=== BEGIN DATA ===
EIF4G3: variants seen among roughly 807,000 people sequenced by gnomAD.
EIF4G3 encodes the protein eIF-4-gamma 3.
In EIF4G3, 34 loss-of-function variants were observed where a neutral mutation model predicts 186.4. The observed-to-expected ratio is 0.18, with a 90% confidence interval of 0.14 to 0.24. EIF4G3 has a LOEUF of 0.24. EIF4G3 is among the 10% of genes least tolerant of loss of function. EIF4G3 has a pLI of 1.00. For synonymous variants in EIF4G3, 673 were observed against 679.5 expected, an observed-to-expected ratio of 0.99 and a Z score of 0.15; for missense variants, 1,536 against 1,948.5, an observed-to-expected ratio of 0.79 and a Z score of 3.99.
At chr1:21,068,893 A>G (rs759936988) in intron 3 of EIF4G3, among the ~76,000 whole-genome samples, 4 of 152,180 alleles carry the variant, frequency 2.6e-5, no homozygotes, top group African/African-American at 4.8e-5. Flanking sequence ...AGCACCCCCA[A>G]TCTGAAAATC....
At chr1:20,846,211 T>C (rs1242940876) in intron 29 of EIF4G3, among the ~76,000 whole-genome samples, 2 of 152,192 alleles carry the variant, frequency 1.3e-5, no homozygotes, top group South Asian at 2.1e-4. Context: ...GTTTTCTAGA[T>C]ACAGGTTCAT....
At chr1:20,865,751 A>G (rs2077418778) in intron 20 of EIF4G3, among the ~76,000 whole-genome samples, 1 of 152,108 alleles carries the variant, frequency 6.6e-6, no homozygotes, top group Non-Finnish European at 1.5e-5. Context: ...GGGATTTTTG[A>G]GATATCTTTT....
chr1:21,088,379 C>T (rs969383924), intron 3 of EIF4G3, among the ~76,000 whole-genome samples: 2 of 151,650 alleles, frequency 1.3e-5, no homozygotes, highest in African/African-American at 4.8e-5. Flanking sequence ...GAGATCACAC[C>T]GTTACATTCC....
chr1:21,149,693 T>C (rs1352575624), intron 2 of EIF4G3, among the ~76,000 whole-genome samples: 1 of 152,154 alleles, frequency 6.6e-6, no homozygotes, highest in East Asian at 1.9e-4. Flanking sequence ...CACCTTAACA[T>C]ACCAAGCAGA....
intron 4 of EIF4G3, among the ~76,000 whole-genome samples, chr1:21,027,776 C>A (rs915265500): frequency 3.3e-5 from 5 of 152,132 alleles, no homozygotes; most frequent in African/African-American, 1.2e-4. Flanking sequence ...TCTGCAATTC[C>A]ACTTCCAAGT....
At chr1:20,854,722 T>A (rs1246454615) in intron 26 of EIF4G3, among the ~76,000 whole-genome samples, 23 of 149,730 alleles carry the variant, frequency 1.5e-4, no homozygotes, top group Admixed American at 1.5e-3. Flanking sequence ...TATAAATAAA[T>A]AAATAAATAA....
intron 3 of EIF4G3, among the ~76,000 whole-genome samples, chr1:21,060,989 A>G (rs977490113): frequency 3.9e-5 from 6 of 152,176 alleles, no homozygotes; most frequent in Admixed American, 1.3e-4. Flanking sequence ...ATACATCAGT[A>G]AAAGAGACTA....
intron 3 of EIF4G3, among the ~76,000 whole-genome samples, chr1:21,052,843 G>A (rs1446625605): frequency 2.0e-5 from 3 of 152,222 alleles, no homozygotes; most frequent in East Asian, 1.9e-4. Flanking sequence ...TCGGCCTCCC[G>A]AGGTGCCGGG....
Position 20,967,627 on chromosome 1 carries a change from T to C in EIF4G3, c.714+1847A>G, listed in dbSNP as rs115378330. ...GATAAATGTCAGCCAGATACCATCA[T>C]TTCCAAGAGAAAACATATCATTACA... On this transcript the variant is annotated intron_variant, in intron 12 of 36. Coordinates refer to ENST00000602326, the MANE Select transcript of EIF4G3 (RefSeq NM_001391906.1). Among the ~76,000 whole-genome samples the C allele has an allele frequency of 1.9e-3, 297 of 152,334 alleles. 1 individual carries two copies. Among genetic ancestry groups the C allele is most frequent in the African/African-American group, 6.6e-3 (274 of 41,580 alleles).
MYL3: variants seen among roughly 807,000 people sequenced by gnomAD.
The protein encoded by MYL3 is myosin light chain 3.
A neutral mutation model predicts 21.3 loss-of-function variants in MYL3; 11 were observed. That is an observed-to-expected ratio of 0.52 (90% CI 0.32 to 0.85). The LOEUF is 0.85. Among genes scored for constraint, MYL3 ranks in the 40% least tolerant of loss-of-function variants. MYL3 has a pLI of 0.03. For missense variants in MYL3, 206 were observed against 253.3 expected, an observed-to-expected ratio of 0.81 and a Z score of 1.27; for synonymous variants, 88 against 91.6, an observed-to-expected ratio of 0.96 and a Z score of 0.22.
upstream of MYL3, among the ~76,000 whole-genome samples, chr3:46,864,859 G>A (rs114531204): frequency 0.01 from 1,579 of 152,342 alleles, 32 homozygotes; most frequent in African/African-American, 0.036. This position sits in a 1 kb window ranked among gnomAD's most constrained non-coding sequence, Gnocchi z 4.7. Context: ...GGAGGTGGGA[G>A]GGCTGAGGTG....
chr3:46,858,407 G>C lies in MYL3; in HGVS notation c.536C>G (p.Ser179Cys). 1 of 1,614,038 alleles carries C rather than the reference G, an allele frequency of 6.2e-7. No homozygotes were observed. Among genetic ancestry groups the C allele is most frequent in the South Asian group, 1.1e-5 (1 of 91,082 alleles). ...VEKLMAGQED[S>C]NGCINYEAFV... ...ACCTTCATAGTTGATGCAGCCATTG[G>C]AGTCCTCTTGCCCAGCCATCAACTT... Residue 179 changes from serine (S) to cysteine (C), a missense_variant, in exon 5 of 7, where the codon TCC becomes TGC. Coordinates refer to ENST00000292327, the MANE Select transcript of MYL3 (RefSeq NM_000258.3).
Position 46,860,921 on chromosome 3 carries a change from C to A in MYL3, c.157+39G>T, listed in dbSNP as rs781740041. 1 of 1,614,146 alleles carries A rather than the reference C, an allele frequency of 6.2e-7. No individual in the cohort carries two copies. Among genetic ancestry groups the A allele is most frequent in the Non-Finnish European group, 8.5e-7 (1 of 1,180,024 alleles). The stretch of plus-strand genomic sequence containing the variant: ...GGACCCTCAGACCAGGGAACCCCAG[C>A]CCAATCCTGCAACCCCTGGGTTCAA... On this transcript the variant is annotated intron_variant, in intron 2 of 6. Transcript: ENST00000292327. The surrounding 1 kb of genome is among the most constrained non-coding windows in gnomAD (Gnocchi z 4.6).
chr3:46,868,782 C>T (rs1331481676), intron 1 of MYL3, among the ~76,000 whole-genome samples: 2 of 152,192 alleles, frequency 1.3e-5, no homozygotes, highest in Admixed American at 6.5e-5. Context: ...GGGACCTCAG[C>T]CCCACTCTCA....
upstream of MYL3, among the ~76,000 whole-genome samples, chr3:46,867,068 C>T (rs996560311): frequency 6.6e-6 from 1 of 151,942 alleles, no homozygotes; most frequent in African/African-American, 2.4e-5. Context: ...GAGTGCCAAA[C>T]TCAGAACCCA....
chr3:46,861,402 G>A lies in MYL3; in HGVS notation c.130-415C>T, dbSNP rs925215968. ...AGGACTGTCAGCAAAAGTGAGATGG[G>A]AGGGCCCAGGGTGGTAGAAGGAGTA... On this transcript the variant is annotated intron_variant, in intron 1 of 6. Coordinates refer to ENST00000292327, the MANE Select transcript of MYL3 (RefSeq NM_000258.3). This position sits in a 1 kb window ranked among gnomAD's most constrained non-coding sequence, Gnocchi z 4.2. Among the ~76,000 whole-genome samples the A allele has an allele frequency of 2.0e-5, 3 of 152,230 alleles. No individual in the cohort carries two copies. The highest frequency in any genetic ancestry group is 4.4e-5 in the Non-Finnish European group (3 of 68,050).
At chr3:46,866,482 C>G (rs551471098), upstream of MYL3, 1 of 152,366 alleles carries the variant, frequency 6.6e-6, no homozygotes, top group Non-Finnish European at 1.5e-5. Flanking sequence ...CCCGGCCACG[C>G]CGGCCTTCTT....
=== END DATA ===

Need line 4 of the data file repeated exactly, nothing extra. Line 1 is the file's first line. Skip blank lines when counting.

At chr1:21,068,893 A>G (rs759936988) in intron 3 of EIF4G3, among the ~76,000 whole-genome samples, 4 of 152,180 alleles carry the variant, frequency 2.6e-5, no homozygotes, top group African/African-American at 4.8e-5. Flanking sequence ...AGCACCCCCA[A>G]TCTGAAAATC....